Everyday Heroes: The Station Masters that keep Indian Railways running

Nilgiri Mountain Railways

Meet Mr. Kundan Singh and Mr. Pramod who work as station masters at Nilgiri Mountain Railway.

Nilgiri Mountain Railway
The Nilgiri Mountain Railway line, scaling an elevation of 326 m to 2,203 m, represented the latest technology of the time. The construction of the NMR, a 46-km long metre-gauge single-track railway, in Tamil Nadu State, was first proposed in 1854, but due to the difficulty of the mountainous location the work only started in 1891 and was completed in 1908. In July 2005, UNESCO recognised the Nilgiri Mountain Railway (NMR) line as a World Heritage Site. The site came to be known as 'mountain railways of India'. We take a peek into the lives of those who help and often risk their lives, to maintain the smooth functioning of the NMR.
Mr. Kundan Singh, Station Master at Hillgrove Railway Station
Mr. Kundan Singh works as a Station Master at Hillgrove Railway Station. Hillgrove station is roughly the middle of the journey between Mettupalayam and Coonoor. The train has to stop here to refill its boiler with water. This is a chance for the passengers to get down and enjoy the scenery. 

Mr. Kundan Singh, introduces himself as the Station Master of Hillgrove railway station.

In the video, the Station Master explains what his duties are at work and why he likes what he does.

This station is one of a kind because of its location.

Hillgrove station is also one of the picturesque places where one can get their photographs shot alongside the train and steam locomotive.

At the station, a small stall sells locally made 'vadas' and tea along with other packed food. This not only attracts the passengers but also a troop of bonnet macaque monkeys who beg or steal food.

The trek to Hillgrove station
The stations masters of Hillgrove have an early start. They are up before sunrise to catch a bus that will take them to a place called "Icchi Maram". From here, they trek up hill for about 3/4th of a kilometre and then for another 2 km over the tracks, to get to the station. 

The trek to Hillgrove station is about 2 km and is through the thick jungles of the Nilgiri Mountain range.

A view of the Hillgrove station nestled in the jungles of the Nilgiris.

There are 16 tunnels, in total, along the route. Mr. Singh passes through three of those tunnels everyday while trekking to his station.

Mr. Kundan passes through the rail tracks that are surrounded by massive rock structures.

Many of the 250 bridges on NMR are between 20 to 100 feet up high. Interestingly, the railway bridges are the only source of protection to employees if they are chased by elephants.

Mr. Kundan walks through the rail tracks.

The NMR was completed in 1908 and part of the process of building the tracks meant carving a path through the heavy and solid granite rocks. One can only imagine how hard it must have been to build this engineering marvel.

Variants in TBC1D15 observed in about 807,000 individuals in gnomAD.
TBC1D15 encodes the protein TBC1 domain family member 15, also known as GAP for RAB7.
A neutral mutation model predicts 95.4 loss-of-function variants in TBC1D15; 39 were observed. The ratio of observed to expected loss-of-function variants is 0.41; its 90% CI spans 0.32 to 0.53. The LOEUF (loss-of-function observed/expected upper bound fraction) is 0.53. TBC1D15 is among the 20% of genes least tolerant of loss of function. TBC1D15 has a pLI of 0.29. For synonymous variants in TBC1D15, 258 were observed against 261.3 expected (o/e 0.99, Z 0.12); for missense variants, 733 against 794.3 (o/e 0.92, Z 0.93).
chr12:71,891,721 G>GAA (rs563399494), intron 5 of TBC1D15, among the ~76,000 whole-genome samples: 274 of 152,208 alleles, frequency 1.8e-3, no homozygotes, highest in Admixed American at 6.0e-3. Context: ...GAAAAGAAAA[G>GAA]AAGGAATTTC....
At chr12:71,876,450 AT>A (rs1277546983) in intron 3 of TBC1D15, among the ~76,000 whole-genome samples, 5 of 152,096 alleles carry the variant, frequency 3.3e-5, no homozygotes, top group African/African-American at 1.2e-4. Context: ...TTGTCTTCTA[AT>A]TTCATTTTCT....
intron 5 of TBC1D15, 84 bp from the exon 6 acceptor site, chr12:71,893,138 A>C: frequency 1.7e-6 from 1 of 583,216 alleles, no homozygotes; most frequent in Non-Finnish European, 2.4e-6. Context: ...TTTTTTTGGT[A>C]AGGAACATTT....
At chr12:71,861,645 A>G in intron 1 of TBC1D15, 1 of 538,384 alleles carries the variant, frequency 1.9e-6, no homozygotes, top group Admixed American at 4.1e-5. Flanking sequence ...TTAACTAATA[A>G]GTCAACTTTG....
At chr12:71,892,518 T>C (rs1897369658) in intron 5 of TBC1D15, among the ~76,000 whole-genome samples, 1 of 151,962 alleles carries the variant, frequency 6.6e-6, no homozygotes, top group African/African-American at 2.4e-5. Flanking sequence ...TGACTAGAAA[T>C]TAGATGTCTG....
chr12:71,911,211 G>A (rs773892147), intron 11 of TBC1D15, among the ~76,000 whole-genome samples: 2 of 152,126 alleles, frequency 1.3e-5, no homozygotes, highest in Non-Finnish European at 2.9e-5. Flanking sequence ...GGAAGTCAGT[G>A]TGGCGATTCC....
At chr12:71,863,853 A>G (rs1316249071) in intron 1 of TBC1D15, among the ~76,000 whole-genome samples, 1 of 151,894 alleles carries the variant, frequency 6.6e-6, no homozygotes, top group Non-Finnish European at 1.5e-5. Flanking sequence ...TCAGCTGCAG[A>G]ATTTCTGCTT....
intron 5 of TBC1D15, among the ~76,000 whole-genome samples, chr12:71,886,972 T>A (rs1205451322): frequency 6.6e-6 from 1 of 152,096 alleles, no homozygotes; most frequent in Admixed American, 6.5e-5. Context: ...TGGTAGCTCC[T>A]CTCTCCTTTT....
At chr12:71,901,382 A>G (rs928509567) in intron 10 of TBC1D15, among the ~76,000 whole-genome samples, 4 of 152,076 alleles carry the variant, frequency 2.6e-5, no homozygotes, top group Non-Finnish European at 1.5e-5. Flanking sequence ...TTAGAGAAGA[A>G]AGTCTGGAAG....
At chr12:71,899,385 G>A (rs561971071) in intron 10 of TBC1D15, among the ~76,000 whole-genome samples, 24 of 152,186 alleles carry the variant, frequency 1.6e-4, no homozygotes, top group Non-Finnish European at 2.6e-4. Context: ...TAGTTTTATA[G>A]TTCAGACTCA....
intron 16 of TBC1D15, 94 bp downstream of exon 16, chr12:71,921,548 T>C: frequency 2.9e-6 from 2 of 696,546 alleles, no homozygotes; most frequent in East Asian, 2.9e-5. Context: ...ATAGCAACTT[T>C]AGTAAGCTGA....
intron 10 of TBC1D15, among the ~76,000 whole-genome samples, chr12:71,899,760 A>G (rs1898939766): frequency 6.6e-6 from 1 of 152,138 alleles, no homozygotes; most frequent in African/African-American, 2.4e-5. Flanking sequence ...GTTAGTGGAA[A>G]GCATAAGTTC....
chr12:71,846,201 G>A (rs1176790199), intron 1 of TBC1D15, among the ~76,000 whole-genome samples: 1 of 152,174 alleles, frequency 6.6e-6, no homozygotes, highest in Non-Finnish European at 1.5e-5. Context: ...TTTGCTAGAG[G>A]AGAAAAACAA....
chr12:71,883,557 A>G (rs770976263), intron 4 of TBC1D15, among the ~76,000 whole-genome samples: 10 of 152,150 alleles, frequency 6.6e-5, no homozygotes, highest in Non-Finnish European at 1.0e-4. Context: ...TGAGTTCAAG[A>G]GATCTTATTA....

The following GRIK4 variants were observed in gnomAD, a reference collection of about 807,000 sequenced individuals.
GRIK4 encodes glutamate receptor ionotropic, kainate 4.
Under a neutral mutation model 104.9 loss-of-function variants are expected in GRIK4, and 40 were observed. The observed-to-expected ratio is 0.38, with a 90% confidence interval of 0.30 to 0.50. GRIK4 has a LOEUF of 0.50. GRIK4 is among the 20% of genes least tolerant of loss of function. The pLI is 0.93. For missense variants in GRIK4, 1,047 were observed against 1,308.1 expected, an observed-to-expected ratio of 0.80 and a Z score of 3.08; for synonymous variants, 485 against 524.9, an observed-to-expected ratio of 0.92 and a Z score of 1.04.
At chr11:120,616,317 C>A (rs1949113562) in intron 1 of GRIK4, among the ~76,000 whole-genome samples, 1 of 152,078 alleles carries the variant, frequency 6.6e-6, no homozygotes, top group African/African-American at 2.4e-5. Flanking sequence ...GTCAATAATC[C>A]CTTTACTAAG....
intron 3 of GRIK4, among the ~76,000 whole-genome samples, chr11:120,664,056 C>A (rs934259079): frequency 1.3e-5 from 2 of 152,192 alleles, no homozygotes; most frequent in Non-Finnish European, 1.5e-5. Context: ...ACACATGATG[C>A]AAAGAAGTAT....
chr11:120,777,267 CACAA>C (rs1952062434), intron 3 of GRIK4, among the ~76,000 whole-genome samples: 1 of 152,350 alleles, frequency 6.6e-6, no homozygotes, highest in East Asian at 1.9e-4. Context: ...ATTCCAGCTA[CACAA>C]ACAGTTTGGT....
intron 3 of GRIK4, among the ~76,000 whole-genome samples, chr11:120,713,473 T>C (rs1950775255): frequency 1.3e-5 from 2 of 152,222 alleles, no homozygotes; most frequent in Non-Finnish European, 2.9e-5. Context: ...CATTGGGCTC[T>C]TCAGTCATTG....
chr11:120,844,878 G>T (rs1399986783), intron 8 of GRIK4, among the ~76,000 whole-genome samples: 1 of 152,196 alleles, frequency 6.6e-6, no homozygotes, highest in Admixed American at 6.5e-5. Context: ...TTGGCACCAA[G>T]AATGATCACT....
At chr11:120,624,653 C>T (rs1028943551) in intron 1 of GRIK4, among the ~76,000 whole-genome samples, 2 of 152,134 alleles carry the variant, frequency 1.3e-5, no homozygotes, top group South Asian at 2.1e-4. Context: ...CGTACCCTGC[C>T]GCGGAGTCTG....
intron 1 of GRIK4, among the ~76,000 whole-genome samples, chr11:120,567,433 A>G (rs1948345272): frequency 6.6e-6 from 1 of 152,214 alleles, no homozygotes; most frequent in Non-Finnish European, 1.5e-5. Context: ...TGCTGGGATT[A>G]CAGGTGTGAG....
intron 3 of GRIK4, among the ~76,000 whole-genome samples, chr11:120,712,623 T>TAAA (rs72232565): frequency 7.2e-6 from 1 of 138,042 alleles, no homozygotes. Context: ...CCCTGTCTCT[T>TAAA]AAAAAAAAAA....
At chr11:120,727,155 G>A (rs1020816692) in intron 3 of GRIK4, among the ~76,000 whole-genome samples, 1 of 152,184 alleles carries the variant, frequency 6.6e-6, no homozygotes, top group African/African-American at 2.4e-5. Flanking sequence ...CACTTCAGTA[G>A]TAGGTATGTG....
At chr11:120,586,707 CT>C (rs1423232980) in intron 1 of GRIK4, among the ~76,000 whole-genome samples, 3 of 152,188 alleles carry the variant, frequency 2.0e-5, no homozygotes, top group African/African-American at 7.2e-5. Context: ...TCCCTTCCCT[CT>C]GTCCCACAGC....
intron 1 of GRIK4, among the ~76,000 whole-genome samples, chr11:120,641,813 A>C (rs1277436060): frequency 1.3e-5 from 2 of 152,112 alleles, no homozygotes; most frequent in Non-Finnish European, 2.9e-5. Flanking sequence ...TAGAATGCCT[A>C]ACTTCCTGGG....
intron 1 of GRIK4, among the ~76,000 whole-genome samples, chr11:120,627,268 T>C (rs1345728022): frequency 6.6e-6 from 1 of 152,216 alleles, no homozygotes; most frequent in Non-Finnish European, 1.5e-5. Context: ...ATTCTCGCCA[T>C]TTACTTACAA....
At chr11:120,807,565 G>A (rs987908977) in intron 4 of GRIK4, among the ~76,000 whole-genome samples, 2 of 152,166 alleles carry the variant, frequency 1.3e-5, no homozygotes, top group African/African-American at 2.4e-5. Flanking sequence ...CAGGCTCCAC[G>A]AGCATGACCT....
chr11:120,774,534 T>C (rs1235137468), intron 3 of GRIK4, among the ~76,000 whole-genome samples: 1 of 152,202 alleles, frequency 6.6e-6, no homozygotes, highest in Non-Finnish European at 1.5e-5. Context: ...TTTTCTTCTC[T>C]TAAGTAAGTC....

The majestic Nilgiri Mountains can be seen in the background as Mr. Kundan Singh and his staff make it to the highway, which is over a kilometre away.

Riddled with narrow pathways and wild animals, like elephants and bears, the staff of Hillgrove station put their lives on the line everyday.

The dense jungle, in the late afternoon light, is the only safe time to trek here. After sunset this is not an advisable terrain.

The employees of Hillgrove station leave as soon as the train from Coonoor departs their station, because there is always higher chances of encountering wildlife after sundown.

The days on which the train arrives late to their station, they travel down to Mettupalayam on the train and then take a bus uphill to Coonoor to reach their homes.

Having completed the trek through the jungle, the employees wait by the side of the road, hoping the buses going up to Coonoor will be kind enough to stop and ferry them home.

Mr. Pramod, Station Master at Udhagamandalam Railway Station
With a work experience of 16 years in the Nilgiri Mountain Railway (NMR), Mr. Pramod is one of the oldest station masters at NMR who works at the Udhagamandalam railway station. 

This station was opened in the year 1908, when Nilgiri Mountain Railway line was extended to Udhagamandalam.

In the picture: Mr. Pramod, the Station Master of Udhagamandalam, poses with the Neale's Ball Token system which is used by the NMR for its operations.

Designed by Neale, an engineer with the GIP Railway (presently known as Central Railway), it is an electro-mechanical instrument provided at each station on single line railway sections.

It ensures safety in train operations by dispensing tokens which are handed over to the train drivers as authority to enter a block section.

The tokens are spherical steel balls, which are issued in such a manner that only one token can be issued for one direction at a time after ensuring that previous train has already cleared the section and there is no other train between the stations.

Each station has one such instrument for each direction which are electrically connected to similar instruments provided at the adjoining stations on either side. This ensures that only one train can enter the block sections at a time.

The Udhagamandalam station has most number of VIP visitings, and Mr. Pramod is NMR's most trusted and experienced station master on duty.

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